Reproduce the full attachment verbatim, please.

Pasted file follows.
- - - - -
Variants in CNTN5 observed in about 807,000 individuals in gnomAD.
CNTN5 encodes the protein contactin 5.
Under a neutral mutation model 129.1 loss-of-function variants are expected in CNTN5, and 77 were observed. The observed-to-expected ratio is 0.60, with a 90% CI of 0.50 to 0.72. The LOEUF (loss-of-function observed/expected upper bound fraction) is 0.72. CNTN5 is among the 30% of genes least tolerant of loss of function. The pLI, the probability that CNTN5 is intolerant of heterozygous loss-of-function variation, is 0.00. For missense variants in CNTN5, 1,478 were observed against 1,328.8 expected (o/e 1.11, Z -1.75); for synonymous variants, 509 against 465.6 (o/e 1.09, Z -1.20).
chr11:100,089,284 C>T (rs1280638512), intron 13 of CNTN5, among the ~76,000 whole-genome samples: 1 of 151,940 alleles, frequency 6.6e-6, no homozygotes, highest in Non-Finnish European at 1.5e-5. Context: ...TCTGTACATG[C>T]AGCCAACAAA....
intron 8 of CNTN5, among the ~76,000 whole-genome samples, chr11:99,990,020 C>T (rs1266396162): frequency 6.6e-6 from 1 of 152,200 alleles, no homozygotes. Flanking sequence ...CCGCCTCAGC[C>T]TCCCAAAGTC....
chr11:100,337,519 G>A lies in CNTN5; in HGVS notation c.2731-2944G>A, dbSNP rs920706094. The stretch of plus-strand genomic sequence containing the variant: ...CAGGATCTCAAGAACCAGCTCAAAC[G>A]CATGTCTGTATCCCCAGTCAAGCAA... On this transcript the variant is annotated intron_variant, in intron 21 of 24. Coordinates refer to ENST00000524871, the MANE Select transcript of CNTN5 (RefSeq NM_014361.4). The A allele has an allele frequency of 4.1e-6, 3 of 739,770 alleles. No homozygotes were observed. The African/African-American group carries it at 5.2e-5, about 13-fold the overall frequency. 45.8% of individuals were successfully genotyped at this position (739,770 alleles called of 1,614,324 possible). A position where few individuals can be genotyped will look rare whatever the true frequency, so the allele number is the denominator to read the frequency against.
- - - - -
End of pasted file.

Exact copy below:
Variants in CNTN5 observed in about 807,000 individuals in gnomAD.
CNTN5 encodes the protein contactin 5.
Under a neutral mutation model 129.1 loss-of-function variants are expected in CNTN5, and 77 were observed. The observed-to-expected ratio is 0.60, with a 90% CI of 0.50 to 0.72. The LOEUF (loss-of-function observed/expected upper bound fraction) is 0.72. CNTN5 is among the 30% of genes least tolerant of loss of function. The pLI, the probability that CNTN5 is intolerant of heterozygous loss-of-function variation, is 0.00. For missense variants in CNTN5, 1,478 were observed against 1,328.8 expected (o/e 1.11, Z -1.75); for synonymous variants, 509 against 465.6 (o/e 1.09, Z -1.20).
chr11:100,089,284 C>T (rs1280638512), intron 13 of CNTN5, among the ~76,000 whole-genome samples: 1 of 151,940 alleles, frequency 6.6e-6, no homozygotes, highest in Non-Finnish European at 1.5e-5. Context: ...TCTGTACATG[C>T]AGCCAACAAA....
intron 8 of CNTN5, among the ~76,000 whole-genome samples, chr11:99,990,020 C>T (rs1266396162): frequency 6.6e-6 from 1 of 152,200 alleles, no homozygotes. Flanking sequence ...CCGCCTCAGC[C>T]TCCCAAAGTC....
chr11:100,337,519 G>A lies in CNTN5; in HGVS notation c.2731-2944G>A, dbSNP rs920706094. The stretch of plus-strand genomic sequence containing the variant: ...CAGGATCTCAAGAACCAGCTCAAAC[G>A]CATGTCTGTATCCCCAGTCAAGCAA... On this transcript the variant is annotated intron_variant, in intron 21 of 24. Coordinates refer to ENST00000524871, the MANE Select transcript of CNTN5 (RefSeq NM_014361.4). The A allele has an allele frequency of 4.1e-6, 3 of 739,770 alleles. No homozygotes were observed. The African/African-American group carries it at 5.2e-5, about 13-fold the overall frequency. 45.8% of individuals were successfully genotyped at this position (739,770 alleles called of 1,614,324 possible). A position where few individuals can be genotyped will look rare whatever the true frequency, so the allele number is the denominator to read the frequency against.